What is a Romantic Attachment?
How people form an attachment to a romantic partner is one of the most studied topics in the relational sciences (please note, this section is adapted from the work of Bowlby, Ainsworth, Shaver, Hazan and Zeifman’s work on attachment theory).
A romantic attachment (also called pair-bonding) is a deep emotional bond to another individual. The tendency to form a deep emotional bond to another individual is an universal feature of human life.
The attachments we form to our romantic partners are designed to keep people together. When we form an attachment to a romantic partner—we want to be near that person. And we tend to feel safe and secure when our partners are around. Overall, forming an attachment was designed to help create stability.
Not only do we form attachments to our romantic partners, but the loss of a partner can be devastating. If you are attached to someone and the relationship comes to an end, the sense of loss can be overwhelming—including feelings of uncertainty, fear, and despair.
Humans are designed to form a strong attachment to a romantic partner because human offspring are born extremely immature (unable to care for themselves). Individuals who formed a deep attachment to their sexual partners were better equipped to raise offspring. And over millions of years of human development, evolution favored people who formed a deep emotional bond to a sexual partner. As such, people living today are all the descendants of individuals who formed an emotional bond to their romantic partners in the past.
Not only are humans designed to form a deep emotional bond to a sexual partner, but the process by which we do so is very similar to how infants form a bond to their primary caregivers.
Human infants universally form a deep emotional attachment to the person who provides the most care (usually a mother). This attachment is designed to keep infants close to their caregivers, which ultimately helped ensured an infant’s survival. When infants form a deep emotional attachment to their caregiver—children feel safe and secure. For infants, attachment figures (caregivers) provide a sense of security and comfort. When separate from their attachment figure, infants will stage a protest (crying and screaming) designed to get their caregiver’s attention.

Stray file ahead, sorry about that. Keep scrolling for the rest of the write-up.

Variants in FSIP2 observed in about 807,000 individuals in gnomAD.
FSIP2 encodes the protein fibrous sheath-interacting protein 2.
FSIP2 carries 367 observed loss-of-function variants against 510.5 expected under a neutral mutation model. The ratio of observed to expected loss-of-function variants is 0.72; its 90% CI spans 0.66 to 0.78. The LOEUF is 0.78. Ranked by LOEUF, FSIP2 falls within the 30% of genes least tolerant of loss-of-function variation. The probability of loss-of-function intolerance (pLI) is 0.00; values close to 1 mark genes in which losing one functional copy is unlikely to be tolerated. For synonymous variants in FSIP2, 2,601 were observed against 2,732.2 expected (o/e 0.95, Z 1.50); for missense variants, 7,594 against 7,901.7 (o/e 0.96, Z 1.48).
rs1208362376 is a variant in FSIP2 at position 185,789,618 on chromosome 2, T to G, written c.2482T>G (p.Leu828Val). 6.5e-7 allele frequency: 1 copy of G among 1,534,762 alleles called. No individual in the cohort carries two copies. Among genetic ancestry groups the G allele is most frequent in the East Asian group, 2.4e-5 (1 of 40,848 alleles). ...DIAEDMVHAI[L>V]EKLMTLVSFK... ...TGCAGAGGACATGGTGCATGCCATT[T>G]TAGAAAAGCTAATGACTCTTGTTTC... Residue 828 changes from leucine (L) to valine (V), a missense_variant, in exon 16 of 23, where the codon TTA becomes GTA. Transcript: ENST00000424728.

How do infants know who to form an attachment to?
Infants form an attachment to the caregivers based on the nature and amount of physical contact they have with others. Infants form an attachment to the person who provides the most physical contact—the most kissing, cuddling, caressing, and so on.
And adults do the same when it comes to forming a romantic attachment. Adults form a deep emotional attachment based on intimate physical contact—kissing and cuddling, etc. If you have repeated intimate contact with another person, you will most likely form a deep attachment to that person. Once an attachment is formed—people want to spend more time together, feel safe and secure in each other’s presence, and they will experience loss when the relationship comes to an end.
Again, romantic attachments are designed to keep people together because over the course of human evolution people, who stayed together, had an easier time raising offspring than people who only came together for the purposes of sex.
While attachments help create stability, there is a downside. Attachments are less concerned that you are happy with your partner and more concerned that you stay together. In fact, many people form an attachment to someone who they do not like as a person. It is quiet possible to form a deep bond to someone who is less than an ideal romantic partner—this happens everyday.
The lesson to be learned? Be careful about whom you have repeated intimate contact with—you are likely to form an attachment to that person. And once an attachment is formed, it can be very difficult to break.
So, going slow at the start of a relationship, especially when it comes to sex, is important. It is good to learn as much as you can about another person before you become heavily involved. Many relationship problems could be avoided, if people did not rush into forming an attachment with someone.
Not only are humans designed to form an attachment to a romantic partner, but there are some important differences in the types of attachments people form....